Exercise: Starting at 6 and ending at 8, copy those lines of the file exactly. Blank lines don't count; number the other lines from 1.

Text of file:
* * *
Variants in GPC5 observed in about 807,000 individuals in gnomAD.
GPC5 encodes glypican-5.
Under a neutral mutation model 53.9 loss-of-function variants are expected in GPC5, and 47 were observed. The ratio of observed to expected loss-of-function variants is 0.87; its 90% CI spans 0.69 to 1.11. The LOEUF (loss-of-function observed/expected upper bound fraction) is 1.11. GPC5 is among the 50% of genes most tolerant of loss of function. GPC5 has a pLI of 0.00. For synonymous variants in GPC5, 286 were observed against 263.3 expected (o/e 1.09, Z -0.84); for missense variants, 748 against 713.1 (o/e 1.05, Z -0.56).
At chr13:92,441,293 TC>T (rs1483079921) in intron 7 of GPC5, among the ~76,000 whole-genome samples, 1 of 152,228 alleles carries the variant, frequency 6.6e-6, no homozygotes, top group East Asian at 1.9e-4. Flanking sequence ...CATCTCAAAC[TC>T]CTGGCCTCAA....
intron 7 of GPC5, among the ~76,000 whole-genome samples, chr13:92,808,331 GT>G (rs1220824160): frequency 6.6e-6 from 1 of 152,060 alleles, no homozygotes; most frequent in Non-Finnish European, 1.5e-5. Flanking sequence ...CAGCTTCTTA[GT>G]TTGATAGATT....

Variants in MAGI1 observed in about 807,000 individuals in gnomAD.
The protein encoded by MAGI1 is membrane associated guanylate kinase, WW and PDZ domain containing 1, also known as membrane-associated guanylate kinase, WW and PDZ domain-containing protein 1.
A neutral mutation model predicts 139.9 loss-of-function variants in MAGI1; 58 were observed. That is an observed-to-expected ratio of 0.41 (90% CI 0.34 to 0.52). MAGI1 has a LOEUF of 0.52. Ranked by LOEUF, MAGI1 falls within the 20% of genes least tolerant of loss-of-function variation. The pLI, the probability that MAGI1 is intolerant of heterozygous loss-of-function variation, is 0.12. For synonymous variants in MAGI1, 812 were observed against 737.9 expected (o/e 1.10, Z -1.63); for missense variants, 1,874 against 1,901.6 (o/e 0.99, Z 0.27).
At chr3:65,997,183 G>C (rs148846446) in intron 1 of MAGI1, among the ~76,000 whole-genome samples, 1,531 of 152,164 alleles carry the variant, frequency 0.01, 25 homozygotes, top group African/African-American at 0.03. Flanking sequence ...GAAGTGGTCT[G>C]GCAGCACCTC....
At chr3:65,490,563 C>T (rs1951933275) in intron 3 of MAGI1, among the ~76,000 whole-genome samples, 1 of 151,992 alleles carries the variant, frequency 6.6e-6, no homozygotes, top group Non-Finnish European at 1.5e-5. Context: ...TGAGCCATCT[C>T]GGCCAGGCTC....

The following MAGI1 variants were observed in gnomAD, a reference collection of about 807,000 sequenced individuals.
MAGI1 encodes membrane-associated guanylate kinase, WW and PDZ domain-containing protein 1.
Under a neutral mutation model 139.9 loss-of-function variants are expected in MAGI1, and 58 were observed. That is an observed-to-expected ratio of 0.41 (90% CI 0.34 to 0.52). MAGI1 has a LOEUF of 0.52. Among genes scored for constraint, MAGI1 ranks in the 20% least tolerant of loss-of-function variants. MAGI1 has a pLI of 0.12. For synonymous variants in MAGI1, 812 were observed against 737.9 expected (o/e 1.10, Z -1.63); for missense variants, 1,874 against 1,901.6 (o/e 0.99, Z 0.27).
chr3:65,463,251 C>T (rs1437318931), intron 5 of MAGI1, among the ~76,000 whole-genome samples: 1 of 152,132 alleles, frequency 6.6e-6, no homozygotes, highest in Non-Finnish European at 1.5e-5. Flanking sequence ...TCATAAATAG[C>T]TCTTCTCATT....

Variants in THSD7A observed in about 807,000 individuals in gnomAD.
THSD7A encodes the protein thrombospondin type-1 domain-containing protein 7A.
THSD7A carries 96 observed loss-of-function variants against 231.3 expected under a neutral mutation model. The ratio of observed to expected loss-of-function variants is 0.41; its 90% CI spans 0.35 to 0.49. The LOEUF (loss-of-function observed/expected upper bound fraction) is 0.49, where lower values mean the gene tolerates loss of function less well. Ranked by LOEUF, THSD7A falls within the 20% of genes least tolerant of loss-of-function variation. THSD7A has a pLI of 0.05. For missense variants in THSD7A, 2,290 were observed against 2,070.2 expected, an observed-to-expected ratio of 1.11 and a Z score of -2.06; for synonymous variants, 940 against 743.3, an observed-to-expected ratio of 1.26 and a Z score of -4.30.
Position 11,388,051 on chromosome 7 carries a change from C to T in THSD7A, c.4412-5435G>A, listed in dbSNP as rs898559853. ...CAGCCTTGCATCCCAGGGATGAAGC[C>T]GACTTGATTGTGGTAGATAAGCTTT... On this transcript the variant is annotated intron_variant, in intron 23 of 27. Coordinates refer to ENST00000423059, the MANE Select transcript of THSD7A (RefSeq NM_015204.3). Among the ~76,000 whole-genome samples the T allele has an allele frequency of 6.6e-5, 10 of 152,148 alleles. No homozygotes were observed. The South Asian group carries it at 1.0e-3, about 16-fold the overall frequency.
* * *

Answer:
Variants in MAGI1 observed in about 807,000 individuals in gnomAD.
The protein encoded by MAGI1 is membrane associated guanylate kinase, WW and PDZ domain containing 1, also known as membrane-associated guanylate kinase, WW and PDZ domain-containing protein 1.
A neutral mutation model predicts 139.9 loss-of-function variants in MAGI1; 58 were observed. That is an observed-to-expected ratio of 0.41 (90% CI 0.34 to 0.52). MAGI1 has a LOEUF of 0.52. Ranked by LOEUF, MAGI1 falls within the 20% of genes least tolerant of loss-of-function variation. The pLI, the probability that MAGI1 is intolerant of heterozygous loss-of-function variation, is 0.12. For synonymous variants in MAGI1, 812 were observed against 737.9 expected (o/e 1.10, Z -1.63); for missense variants, 1,874 against 1,901.6 (o/e 0.99, Z 0.27).